measures), and formulating plans to address these, and can be qualitativeand quantitative. In the banking sectorworldwide, the Basel Accords are generally adopted by internationallyactive banks for tracking, reporting andexposing operational, credit and market risks. Finance theoryFinancial economicsFinancial economics is the branch of economics studying theinterrelation of financial variables, such as prices,interest rates and shares, as opposed to those concerning the realeconomy. Financial economics concentrates oninfluences of real economic variables on financial ones, in contrast topure finance. It centres on decision makingunder uncertainty in the context of the financial markets, and theresultant economic and financial models. Itessentially explores how rational investors would apply decision theory tothe problem of investment. Here, the twinassumptions of rationality and market efficiency lead to modernportfolio theory (the CAPM), and to the BlackScholes theory for option valuation; it further studies phenomena andmodels where these assumptions do not hold,Finance 4or are extended. "Financial economics", at least formally, also considersinvestment under "certainty" (Fisherseparation theorem, "theory of investment value", Modigliani-Millertheorem) and hence also contributes tocorporate finance theory. Financial Econometrics is the branch ofFinancial Economics that uses econometrictechniques to parameterize the relationships suggested.Financial mathematicsFinancial mathematics is a field of applied mathematics, concerned withfinancial markets. The subject has a closerelationship with the discipline of financial economics, which isconcerned with much of the underlying theory.Generally, mathematical finance will derive, and extend, themathematical or numerical models suggested byfinancial economics. In terms of practice, mathematical finance alsooverlaps heavily with the field of computationalfinance (also known as financial engineering). Arguably, these are largelysynonymous, although the latter focuses
on application, while the former focuses on modeling and derivation (see:Quantitative analyst). The field is largelyfocused on the modelling of derivatives, although other importantsubfields include insurance mathematics andquantitative portfolio problems. See Outline of finance: Mathematicaltools; Outline of finance: Derivatives pricing.Experimental financeExperimental finance aims to establish different market settings andenvironments to observe experimentally andprovide a lens through which science can analyze agents behavior andthe resulting characteristics of trading flows,information diffusion and aggregation, price setting mechanisms, andreturns processes. Researchers in experimentalfinance can study to what extent existing financial economics theorymakes valid predictions, and attempt todiscover new principles on which such theory can be extended. Researchmay proceed by conducting tradingsimulations or by establishing and studying the behaviour of people inartificial competitive market-like settings.Behavioral financeBehavioral Finance studies how the psychology of investors or managersaffects financial decisions and markets.Behavioral finance has grown over the last few decades to become centralto finance.Behavioral finance includes such topics as:1. Empirical studies that demonstrate significant deviations from classicaltheories.2. Models of how psychology affects trading and prices3. Forecasting based on these methods.4. Studies of experimental asset markets and use of models to forecastexperiments.A strand of behavioral finance has been dubbed Quantitative BehavioralFinance, which uses mathematical andstatistical methodology to understand behavioral biases in conjunctionwith valuation. Some of this endeavor hasbeen led by Gunduz Caginalp (Professor of Mathematics and Editor ofJournal of Behavioral Finance during2001-2004) and collaborators including Vernon Smith (2002 NobelLaureate in Economics), David Porter, Don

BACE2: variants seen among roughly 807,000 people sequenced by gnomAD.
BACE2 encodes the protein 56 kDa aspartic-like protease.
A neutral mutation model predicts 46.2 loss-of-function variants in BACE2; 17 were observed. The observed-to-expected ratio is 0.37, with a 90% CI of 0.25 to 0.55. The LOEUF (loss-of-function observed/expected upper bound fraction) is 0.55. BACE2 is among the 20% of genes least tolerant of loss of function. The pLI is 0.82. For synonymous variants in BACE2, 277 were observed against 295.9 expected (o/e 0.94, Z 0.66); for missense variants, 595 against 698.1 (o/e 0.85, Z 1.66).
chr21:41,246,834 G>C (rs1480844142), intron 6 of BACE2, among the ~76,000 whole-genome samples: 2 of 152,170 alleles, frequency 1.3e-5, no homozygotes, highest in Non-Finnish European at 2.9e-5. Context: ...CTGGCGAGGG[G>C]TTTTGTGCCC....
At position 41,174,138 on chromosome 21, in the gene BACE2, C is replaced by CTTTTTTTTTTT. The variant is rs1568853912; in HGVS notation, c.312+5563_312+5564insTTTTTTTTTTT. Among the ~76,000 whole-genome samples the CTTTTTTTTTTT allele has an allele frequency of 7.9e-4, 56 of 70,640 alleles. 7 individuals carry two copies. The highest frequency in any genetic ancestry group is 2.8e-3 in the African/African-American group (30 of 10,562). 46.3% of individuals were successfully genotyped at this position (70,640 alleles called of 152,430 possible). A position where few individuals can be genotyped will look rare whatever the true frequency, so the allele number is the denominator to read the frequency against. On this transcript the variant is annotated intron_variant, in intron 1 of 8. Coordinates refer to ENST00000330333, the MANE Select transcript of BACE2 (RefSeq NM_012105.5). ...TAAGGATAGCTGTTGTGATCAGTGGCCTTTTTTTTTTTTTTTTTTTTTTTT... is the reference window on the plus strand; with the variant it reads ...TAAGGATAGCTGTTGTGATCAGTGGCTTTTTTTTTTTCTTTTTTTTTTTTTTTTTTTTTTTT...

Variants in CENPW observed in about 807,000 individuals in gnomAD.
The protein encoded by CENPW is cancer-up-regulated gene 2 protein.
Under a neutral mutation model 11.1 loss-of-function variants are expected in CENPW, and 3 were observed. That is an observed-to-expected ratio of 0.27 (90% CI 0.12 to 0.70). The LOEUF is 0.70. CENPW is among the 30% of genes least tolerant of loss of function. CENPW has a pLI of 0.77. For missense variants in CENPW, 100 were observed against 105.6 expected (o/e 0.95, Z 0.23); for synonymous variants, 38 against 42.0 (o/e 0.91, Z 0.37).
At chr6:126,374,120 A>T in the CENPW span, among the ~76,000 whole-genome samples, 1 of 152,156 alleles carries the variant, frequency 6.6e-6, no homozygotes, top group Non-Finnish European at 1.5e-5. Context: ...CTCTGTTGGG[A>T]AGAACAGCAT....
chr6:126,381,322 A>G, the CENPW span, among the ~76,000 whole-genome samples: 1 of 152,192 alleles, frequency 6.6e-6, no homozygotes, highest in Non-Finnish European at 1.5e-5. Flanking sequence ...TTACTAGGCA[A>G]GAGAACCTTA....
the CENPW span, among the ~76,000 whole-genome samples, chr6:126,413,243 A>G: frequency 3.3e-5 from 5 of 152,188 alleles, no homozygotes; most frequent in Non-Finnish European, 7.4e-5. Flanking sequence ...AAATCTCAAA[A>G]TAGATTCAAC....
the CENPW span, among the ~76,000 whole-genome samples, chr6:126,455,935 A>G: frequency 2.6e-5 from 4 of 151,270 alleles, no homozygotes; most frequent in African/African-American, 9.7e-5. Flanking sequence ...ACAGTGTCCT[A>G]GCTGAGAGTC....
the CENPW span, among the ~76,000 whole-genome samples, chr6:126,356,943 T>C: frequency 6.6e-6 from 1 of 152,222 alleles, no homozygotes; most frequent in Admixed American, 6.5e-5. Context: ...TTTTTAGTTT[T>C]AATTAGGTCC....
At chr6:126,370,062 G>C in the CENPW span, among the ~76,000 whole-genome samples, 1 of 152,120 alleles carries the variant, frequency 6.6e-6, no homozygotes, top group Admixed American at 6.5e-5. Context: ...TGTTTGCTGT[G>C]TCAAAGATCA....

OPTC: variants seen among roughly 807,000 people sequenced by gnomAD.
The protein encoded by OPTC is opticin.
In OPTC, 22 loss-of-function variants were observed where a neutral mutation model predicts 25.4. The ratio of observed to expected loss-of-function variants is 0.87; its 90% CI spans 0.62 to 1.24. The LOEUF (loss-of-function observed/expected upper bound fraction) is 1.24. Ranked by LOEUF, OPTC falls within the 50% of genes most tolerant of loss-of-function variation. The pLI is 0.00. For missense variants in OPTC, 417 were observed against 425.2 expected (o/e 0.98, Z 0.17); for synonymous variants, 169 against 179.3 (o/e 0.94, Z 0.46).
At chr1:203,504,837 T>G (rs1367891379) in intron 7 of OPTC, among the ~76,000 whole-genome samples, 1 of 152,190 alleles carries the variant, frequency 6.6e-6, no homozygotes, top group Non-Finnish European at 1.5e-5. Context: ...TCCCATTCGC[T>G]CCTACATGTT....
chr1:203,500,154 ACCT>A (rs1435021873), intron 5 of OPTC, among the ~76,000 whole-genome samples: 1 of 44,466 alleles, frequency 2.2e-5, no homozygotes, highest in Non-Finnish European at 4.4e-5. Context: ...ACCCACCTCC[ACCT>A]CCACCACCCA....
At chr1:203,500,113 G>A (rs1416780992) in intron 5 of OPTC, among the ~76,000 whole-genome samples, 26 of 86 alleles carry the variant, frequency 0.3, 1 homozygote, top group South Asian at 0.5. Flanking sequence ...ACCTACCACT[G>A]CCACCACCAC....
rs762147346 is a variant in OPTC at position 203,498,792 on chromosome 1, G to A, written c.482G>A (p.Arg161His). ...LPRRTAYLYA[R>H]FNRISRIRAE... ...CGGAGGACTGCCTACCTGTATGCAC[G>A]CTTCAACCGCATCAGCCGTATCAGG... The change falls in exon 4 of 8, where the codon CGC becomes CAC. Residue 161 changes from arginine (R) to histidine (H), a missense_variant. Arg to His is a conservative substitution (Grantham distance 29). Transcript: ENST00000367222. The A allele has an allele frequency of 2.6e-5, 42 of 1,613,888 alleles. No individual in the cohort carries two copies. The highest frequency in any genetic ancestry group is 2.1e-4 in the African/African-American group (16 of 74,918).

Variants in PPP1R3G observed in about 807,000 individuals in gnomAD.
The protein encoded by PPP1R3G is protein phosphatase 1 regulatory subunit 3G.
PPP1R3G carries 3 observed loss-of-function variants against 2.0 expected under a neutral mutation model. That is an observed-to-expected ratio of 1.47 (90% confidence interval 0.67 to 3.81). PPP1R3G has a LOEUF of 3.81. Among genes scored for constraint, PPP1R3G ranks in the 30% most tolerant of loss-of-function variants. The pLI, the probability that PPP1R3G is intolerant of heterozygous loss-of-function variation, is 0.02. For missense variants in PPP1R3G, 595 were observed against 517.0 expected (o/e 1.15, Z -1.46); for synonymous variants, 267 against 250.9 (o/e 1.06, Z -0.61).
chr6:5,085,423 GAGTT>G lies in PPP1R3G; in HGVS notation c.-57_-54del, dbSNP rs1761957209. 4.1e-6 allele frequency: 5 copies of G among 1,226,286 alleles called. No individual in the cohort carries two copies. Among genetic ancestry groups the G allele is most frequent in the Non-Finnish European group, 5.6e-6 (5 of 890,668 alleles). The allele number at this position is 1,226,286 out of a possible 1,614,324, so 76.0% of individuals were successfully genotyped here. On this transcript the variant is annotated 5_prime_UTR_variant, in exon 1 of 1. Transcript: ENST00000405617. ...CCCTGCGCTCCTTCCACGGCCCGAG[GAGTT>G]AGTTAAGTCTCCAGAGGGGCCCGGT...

Balenovich, Vladimira Ilieva, Ahmet Duran). Studies by Jeff Madura, RaySturm and others have demonstratedsignificant behavioral effects in stocks and exchange traded funds.Among other topics, quantitative behavioralfinance studies behavioral effects together with the non-classicalassumption of the finiteness of assets.Finance 5Intangible asset financeIntangible asset finance is the area of finance that deals with intangibleassets such as patents, trademarks, goodwill,reputation, etc.